Desmond, Fister and Clippard break down Nats’ 4-3 win over Rockies

Nationals shortstop Ian Desmond felt he had hit the ball well enough, but stood at third waiting for the umpires to agree.

If it was a homer, it would be the go-ahead run to complete the comeback for the Nationals over the Rockies 4-3.

“The way it bounced back hard like that I kind of assumed that it was over,” Desmond said. “And the way that (Drew) Stubbs didn’t go after it made it a little bit easier. At that point, I am going to get the triple. I thought it was gone, but I wasn’t a 100 percent sure.”

So when the umpires signaled it was indeed a solo homer and the crowd roared, Desmond was able to jog home from third base with the fourth run of the game.

Did it feel weird to have to just run the final 90 feet after the home run was confirmed?

“Not nearly as awkward as Mike Morse having to rerun the bases,” Desmond said. “Yeah that was a little bit long. But they got it right and tip your cap for that.”

Desmond was referring to a Morse homer that he had to reenact, including a hilarious air swing, a couple of years ago while still with the Nationals.

Desmond finished 2-for-3 with the homer and two RBI. He went 0-for-4 on Tuesday. But Monday he started off well in the series with two doubles and three RBI. He acknowledged the battle he has gone through recently at the plate.

“Yeah, it’s been a grind,” Desmond said. “But I want to be that example. Hey, you can fight back. I’ve done it before and I hope to do that again this year.”

Desmond’s heroics capped off the comeback for the Nationals. But early, starter Doug Fister was struggling as the Rockies piled up hits and took a 3-0 lead on a Michael McKenry three-run shot in the third.

“Constant battle all night. The biggest thing was making sure the ball got down in the zone,” Fister said. “Left a few balls over the plate and they made me pay for him. Really had to struggle to keep that going after that. So, keys were guys played defense. They came out and played well, sacrificed a lot, whether it was diving, or just sacrificing themselves to make a play. That was big.”

Did Fister think his delivery was just too strong to begin?

“I don’t think it was too strong, it’s just more of a timing thing,” Fister said. “I wasn’t (letting) my arm catch up, getting too quick. I don’t want to say its mechanical. It’s just a mental adjustment. I need to go back out there and get it done.”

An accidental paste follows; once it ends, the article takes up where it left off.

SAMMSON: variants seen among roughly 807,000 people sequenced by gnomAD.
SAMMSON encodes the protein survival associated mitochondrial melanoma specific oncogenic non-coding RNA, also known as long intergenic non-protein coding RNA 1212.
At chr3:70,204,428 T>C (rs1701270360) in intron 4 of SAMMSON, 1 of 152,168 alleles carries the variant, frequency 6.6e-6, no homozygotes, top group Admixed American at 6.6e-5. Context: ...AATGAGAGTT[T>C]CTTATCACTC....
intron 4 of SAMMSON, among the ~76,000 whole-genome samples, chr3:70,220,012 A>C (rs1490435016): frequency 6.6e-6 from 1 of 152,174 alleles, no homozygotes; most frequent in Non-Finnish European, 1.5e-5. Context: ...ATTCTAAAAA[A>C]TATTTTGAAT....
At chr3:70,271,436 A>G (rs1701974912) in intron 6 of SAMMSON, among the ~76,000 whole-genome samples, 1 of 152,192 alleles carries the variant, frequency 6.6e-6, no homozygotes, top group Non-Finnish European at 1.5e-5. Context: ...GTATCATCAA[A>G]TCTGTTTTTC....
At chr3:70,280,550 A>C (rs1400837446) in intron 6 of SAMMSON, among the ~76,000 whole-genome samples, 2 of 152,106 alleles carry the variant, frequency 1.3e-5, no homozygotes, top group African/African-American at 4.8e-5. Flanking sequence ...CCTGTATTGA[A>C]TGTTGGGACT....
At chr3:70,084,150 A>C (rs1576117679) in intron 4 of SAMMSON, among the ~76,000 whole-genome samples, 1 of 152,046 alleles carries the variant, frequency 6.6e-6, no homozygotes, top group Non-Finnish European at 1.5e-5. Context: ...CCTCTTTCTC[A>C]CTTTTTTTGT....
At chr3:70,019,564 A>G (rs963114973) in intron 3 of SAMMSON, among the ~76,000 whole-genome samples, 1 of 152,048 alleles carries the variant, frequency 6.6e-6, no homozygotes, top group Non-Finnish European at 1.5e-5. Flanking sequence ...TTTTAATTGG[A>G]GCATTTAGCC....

Fister, who improved to 7-2, said his defense played a big part in getting seven innings in for the win.

“It becomes a really big emphasis on team baseball and letting those guys work behind me,” Fister said. “Saying here it is, let (them) hit it. There was a lot of strong contact tonight, but guys made some great plays. Guys are picking me up, making a lot of mistakes. They are doing a tremendous job back there.”

“That’s what I think Mike (Rizzo) brought him here for,” Desmond said of Fister’s perseverance. “He wasn’t sharp early. He identified it, made the adjustment and continued to hold them to that three runs and gave us a chance to win the ball game.

“You can’t give him enough credit for how fast he works. Pitching in the strike zone. That’s something our other starters are feeding off of. I would say that to watch him battle through it kind of gave me a little extra edge while I as out there.”

Tyler Clippard managed to get through the eighth by striking out the Rockies most dangerous hitter, Troy Tulowitzki.

“I felt comfortable tonight with my stuff and my fastball location,” Clippard said. “I was confident facing Tulo. Luckily enough made my pitches to him and got him out.”

Clippard confirmed it was his splitter that got Tulowitzki to swing at the third strike. He broke down the critical at-bat and his strategy.

“Just pitch to pitch. I wanted to get ahead of him with something hard and away,” Clippard said. “I didn’t want to lead off with an off speed pitch there. I felt like he might’ve been sitting on something soft. Just traditionally that’s what I started off the other guys with so I wanted to just come right after him. I was able to do that. Threw him three fastballs. Set up the splitty nice and I was able to bury it.”

Rafael Soriano had to battle to earn the save. After getting two outs, the Rockies got runners on the corners with a chance to take the lead. But Soriano forced a pop-up to end the game.

Desmond doesn’t believe Soriano is doing anything different this year in racking up 20 saves.

“He did a great job last year,” Desmond said. “I think (he) had close to 50 saves (43 saves in 2013). Possibly, I’m not sure at this point a lot more opportunities last year. He’s a really good pitcher. I think watching on TV or watching from the stands his misses people take those as uncalculated.

“But he knows exactly what he’s doing and exactly where he wants to put the ball. And he executes a lot. Kind of like Livo (Livan Hernandez), I’ve started to learn what his sequences are and stuff like that. I have 100 percent confidence every time he takes the mound.”

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